An American: Will say ‘hello”.
An Italian: Will give you a big hug and a kiss and pat you on the back
I am never happier than when I am in Italy. The food, the wine, the art and design, the landscape and sounds . . . the touch.
As you might have noticed Italians like to touch. They are a tactile society. Everything around them invites them “to feel” both physically and metaphorically. Italy is filled with emotions that cannot be denied. The fabric of history demands it.
Italians in general are a welcoming people with a culture of hospitality. They still shake hands and may touch your shoulder as they escort you through their country. Acquaintances often hug and kiss when they meet. Our Italian family greets us with many baci e abbracci.
As we become more distanced from traditional customs and families become divided we are less likely to experience the emotional power of touch. The spontaneity of touching has become downsized. Touching someone has become a negative action, an intrusion on one’s space, a danger signal. Stranger danger is real but are we overcompensating as a society when we teach our kids not to let anyone including aunts, uncles, cousins, and grandparents touch them without asking first. We teach are kids not to hug too tightly and that many people don’t want to be hugged. A published study in the Journal of Early Child Development and Care reported that preschoolers in America are more aggressive than their peers in France (another demonstrable country). They’re also touched less. Coincidence? It could be, but research would suggest otherwise.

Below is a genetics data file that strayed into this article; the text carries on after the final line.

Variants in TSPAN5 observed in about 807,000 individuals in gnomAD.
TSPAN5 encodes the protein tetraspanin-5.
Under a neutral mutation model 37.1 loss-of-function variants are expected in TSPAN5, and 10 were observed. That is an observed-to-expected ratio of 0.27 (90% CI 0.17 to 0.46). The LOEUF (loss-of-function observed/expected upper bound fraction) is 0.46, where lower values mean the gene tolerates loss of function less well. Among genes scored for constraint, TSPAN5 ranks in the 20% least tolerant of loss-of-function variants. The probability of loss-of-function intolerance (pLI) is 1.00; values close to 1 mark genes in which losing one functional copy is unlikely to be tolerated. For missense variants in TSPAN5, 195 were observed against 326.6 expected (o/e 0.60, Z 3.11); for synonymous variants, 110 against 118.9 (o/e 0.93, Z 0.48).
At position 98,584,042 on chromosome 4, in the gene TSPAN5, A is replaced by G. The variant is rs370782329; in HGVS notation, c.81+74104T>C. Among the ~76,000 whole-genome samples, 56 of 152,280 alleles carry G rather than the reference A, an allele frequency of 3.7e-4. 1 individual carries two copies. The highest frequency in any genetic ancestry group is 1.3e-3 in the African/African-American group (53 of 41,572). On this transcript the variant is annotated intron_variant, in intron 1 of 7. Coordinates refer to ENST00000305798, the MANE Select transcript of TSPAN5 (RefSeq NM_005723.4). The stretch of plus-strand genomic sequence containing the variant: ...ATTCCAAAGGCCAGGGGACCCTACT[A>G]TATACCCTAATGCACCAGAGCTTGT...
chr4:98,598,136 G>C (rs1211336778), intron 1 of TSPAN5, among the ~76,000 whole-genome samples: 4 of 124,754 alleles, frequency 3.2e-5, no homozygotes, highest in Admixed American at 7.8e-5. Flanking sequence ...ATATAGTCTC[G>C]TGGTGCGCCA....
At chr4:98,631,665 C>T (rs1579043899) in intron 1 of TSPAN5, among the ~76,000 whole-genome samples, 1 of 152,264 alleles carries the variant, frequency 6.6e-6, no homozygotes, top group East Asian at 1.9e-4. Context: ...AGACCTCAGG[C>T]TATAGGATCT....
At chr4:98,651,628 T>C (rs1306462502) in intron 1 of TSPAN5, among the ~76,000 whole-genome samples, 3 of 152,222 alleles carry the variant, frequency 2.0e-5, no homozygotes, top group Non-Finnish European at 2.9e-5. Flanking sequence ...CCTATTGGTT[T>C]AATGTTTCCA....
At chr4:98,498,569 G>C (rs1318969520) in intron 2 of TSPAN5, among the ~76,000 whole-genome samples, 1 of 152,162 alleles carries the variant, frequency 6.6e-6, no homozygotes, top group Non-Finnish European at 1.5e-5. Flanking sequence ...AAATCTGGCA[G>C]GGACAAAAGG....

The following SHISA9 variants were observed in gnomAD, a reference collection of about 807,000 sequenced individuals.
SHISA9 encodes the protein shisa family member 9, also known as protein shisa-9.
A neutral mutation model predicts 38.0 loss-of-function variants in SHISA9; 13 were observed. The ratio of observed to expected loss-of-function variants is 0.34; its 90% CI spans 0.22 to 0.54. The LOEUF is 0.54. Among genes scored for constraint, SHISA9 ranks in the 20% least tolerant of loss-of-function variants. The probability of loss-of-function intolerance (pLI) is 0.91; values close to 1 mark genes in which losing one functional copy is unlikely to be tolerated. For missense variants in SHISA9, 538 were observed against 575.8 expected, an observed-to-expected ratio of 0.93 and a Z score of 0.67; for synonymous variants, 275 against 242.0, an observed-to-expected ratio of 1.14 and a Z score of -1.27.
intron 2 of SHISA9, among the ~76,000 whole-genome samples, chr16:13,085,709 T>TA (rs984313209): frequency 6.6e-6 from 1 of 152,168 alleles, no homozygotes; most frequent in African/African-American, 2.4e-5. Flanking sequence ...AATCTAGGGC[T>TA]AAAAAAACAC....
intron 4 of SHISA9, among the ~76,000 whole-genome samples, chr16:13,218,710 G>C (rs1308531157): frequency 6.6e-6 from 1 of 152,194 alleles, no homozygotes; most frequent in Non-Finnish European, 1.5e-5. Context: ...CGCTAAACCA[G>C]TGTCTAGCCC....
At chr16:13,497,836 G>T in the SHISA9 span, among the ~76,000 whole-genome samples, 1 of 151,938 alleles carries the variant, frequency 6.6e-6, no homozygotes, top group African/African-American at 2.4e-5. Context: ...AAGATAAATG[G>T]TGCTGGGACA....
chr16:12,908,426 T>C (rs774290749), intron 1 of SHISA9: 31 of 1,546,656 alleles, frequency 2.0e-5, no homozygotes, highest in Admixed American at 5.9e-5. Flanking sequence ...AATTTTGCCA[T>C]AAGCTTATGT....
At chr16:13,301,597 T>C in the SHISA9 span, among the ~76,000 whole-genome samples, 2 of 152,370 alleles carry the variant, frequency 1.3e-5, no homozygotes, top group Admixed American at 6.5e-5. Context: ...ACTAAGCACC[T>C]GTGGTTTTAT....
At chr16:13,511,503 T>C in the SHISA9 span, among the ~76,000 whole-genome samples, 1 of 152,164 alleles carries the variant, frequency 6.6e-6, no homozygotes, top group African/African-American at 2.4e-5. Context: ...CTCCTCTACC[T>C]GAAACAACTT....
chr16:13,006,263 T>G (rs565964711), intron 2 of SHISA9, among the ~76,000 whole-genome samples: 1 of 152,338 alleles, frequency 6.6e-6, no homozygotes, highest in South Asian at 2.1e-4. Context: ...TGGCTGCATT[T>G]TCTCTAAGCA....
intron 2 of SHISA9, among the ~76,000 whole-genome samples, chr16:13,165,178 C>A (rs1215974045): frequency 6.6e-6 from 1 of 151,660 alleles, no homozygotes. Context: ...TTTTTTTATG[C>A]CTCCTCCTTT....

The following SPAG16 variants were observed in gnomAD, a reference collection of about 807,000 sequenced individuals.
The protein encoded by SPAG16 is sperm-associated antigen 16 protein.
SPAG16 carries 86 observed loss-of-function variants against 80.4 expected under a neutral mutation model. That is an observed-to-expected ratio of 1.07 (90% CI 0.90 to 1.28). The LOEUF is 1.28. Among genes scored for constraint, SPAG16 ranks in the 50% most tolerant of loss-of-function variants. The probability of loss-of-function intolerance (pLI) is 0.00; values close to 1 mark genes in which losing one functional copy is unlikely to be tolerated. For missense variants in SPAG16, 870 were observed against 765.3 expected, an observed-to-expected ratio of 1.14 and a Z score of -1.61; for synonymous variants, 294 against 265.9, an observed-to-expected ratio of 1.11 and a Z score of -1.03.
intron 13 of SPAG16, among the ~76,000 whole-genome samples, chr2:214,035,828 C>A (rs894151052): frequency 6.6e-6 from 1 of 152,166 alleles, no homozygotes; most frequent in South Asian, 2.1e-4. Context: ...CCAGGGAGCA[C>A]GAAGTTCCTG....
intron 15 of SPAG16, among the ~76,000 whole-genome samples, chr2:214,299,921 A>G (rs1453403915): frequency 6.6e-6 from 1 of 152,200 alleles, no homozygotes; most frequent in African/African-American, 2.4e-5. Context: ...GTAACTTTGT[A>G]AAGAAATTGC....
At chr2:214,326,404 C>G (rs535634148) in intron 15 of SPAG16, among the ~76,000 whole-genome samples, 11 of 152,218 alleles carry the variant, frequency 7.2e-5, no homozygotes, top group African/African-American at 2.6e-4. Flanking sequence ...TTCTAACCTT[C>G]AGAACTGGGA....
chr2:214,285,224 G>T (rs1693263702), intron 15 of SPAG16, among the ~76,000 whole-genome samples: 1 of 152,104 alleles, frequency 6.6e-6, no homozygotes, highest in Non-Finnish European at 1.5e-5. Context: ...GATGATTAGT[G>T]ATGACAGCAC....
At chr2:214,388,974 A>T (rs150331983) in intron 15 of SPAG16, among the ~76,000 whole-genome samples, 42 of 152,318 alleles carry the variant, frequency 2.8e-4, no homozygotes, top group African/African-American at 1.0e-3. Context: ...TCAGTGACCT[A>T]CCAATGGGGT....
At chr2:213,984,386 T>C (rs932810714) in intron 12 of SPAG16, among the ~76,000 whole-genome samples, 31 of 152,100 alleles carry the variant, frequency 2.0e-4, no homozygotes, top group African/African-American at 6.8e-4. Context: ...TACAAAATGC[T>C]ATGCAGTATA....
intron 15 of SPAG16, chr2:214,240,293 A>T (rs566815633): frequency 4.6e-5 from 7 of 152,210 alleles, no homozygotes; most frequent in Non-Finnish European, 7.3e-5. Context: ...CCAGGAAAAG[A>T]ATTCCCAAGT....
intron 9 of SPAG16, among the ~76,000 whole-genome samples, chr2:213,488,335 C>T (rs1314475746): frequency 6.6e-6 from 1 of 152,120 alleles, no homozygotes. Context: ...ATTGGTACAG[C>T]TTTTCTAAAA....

The risk of loosing the connection of touch, once thought to be unbreakable, is crumbling before our very eyes. A friendly touch has appreciable affirming benefits and it is no more magical than when felt in Italy.